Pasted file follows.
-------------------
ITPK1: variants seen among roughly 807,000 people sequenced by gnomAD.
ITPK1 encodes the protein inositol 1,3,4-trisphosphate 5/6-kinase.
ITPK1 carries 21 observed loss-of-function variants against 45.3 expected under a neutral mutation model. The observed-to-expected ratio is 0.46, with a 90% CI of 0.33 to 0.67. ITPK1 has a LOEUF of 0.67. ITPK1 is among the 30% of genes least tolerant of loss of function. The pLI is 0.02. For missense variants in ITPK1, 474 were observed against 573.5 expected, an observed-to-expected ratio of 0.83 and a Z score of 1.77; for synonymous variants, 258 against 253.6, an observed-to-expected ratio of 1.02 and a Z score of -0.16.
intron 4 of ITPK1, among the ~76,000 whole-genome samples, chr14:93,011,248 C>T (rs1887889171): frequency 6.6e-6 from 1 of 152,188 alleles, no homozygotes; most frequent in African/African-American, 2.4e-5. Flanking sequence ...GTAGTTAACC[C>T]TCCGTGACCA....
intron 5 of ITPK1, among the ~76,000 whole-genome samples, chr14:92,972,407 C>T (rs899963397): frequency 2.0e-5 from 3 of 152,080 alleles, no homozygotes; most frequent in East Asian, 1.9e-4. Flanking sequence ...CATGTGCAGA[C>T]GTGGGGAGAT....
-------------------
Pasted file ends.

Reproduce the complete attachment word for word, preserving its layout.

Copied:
ITPK1: variants seen among roughly 807,000 people sequenced by gnomAD.
ITPK1 encodes the protein inositol 1,3,4-trisphosphate 5/6-kinase.
ITPK1 carries 21 observed loss-of-function variants against 45.3 expected under a neutral mutation model. The observed-to-expected ratio is 0.46, with a 90% CI of 0.33 to 0.67. ITPK1 has a LOEUF of 0.67. ITPK1 is among the 30% of genes least tolerant of loss of function. The pLI is 0.02. For missense variants in ITPK1, 474 were observed against 573.5 expected, an observed-to-expected ratio of 0.83 and a Z score of 1.77; for synonymous variants, 258 against 253.6, an observed-to-expected ratio of 1.02 and a Z score of -0.16.
intron 4 of ITPK1, among the ~76,000 whole-genome samples, chr14:93,011,248 C>T (rs1887889171): frequency 6.6e-6 from 1 of 152,188 alleles, no homozygotes; most frequent in African/African-American, 2.4e-5. Flanking sequence ...GTAGTTAACC[C>T]TCCGTGACCA....
intron 5 of ITPK1, among the ~76,000 whole-genome samples, chr14:92,972,407 C>T (rs899963397): frequency 2.0e-5 from 3 of 152,080 alleles, no homozygotes; most frequent in East Asian, 1.9e-4. Flanking sequence ...CATGTGCAGA[C>T]GTGGGGAGAT....